Above: “Campaign Director, Aaron Tovish (right), addresses the UN-ODA and UNfold Zero event to mark the first International Day for the Total Elimination of Nuclear Weapons. From left to right: Mr. Alyn Ware of PNND; Amb. Triyono Wibowo of Indonesia; Ms. Anda FIlip of IPU: Mr. Ivor Fung and Ms. Gabriele Kraatz-Wadsack of UN-ODA.“
September 26th marked the first ever International Day for the Total Elimination of Nuclear Weapons. The day was initiated to help build public support for the UN’s First Committee resolution of a High-Level Conference on Nuclear Disarmament to be scheduled ‘no later than 2018.’
The UN Office of Disarmament Affairs and UNFOLD ZERO, (of which the 2020 Vision Campaign is a partner) decided to mark the event a day early because many disarmament diplomats leave Geneva after the final Thursday session of the Conference on Disarmament. The event, co-sponsored by several organizations, heard from the Director-General of the UN Office in Geneva, the Inter Parliamentary Union, a representative of OPANAL, and the Ambassadors of Indonesia, Kazahkstan, Mexico, and New Zealand. Naturally, Mayors for Peace were keen to mark this historic event, with Aaron Tovish, Campaign Director of Mayors for Peace, invited to address the gathering. Here he spoke passionately about the two compelling reasons cities are determined to contribute to the success of the 2018 High-Level Conference.
The first reason is well known: Nuclear weapons are the most effective means of destroying cities and slaughtering their inhabitants. The second reason is that nuclear warfare make cities the unwilling agents of catastrophic climate disruption. After a nuclear detonation, the thousands of small fires ignited by the blast and fireball, coalesce into a vast firestorm that completely incinerates the core of the city in a matter of hours. The super-high temperature of the conflagration propels a dense column of smoke up into the stratosphere. Climatologists can tell us the likely impact of the smoke from 100 Hiroshima-sized firestorms on global temperatures and precipitation; using these projections, agronomists can tell us the likely impact on crop productions and prices; in turn, nutritionists can tell us the impact on people currently living hand-to-mouth and on countries heavily dependent on food imports.
The use of as few as twenty modern nuclear weapons against large metropolises would kill about 10 million people outright, while the global toll would climb during the next two decades of climate disruption to 1-2 billion.
Cities are thus in a strong position to warn the world about the extraordinary recklessness of maintaining nuclear arsenals, and to condemn the gross negligence of the nuclear powers in not assiduously pursuing their elimination. The 2020 Vision Campaign is dedicated to eliciting good faith efforts by all countries for the establishment of a nuclear weapon free world.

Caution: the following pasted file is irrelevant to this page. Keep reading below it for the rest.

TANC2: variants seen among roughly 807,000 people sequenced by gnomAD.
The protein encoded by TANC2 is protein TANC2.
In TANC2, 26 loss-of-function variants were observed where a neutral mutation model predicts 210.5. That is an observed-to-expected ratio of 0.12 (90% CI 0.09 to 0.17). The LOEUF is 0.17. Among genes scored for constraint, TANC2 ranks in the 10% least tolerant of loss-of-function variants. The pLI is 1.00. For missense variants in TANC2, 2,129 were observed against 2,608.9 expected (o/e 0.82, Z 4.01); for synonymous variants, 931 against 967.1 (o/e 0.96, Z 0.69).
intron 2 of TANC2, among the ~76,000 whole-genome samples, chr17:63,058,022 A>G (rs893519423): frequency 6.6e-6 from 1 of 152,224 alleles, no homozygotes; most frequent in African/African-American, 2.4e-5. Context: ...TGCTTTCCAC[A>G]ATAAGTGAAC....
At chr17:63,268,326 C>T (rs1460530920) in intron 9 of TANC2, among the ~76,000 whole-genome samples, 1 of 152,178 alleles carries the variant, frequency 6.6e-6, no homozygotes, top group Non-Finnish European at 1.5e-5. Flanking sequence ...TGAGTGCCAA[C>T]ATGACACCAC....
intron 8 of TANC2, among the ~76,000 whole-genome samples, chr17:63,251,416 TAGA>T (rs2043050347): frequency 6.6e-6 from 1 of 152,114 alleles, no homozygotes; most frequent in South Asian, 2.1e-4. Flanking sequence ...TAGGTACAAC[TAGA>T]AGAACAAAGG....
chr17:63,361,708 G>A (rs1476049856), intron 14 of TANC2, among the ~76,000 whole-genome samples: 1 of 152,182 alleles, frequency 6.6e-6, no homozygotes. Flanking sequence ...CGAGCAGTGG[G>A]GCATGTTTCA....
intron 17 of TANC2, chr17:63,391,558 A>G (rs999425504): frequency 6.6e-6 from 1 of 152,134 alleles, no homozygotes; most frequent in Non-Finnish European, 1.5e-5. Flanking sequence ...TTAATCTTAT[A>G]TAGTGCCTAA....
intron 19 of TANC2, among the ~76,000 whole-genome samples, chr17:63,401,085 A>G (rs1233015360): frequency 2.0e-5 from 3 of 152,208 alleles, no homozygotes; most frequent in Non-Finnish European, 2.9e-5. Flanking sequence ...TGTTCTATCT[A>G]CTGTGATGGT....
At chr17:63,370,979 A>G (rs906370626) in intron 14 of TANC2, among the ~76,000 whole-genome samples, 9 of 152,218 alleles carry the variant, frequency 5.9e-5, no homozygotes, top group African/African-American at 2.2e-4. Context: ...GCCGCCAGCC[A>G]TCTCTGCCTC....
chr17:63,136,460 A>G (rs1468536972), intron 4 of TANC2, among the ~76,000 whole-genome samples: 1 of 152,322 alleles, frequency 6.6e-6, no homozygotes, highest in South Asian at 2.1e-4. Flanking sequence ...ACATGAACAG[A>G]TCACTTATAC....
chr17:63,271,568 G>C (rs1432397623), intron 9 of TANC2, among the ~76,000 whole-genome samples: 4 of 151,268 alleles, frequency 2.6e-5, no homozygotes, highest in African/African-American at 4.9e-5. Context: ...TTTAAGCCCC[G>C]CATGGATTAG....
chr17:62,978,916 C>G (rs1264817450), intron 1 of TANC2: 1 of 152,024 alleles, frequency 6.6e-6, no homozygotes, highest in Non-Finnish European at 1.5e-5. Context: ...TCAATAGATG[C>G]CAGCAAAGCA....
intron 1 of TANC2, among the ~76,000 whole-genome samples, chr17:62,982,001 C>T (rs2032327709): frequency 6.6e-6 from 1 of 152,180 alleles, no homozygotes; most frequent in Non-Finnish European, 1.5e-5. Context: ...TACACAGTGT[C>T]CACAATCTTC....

The fate of children was the topic of the Friday press briefing organized by the UN-Accredited Correspondents Association (ACANU) on the 2020 Vision Campaign’s “I was her age.” Project. The project was introduced to journalists by Aaron Tovish, and then by Akira Kawasaki of Peace Boat via skype, who had marked the day in Tokyo with a students’ seminar on “Can we really achieve nuclear disarmament?” in which the “I was her age.” project was introduced to the invited Japanese media.
Both media events featured the five cities which have already agreed to host the “I was her age.” Hibakusha when they visit their country during next year’s 87th Global Peace Voyage of the Peace Boat. They are, in the order they will be visited: Kochi, India; Gonfréville l’Orcher, France: Ypres, Belgium; Gdansk, Poland; and St, Petersburg, Russia. It is anticipated that the number of host cities will be doubled by the end of November. A brief video message from the Mayor of Gdansk, Pawel Adamowicz, was played for the journalists. (This can be viewed on the Project’s Facebook Page: www.facebook.com/IWasHerAge)
By the time of the 2nd International Day for the Total Elimination of Nuclear Weapons next September, the Peace Boat and social media aspects of the “I was her age.” Project will have been wrapped up. Hopefully, this activity will have succeeded in drawing even greater attention to the 70th anniversary commemorations of the bombings of Hiroshima and Nagasaki. And also hopefully, an international coproduction team will be hard at work editing a feature-length documentary of the Project to be premiered in early 2016.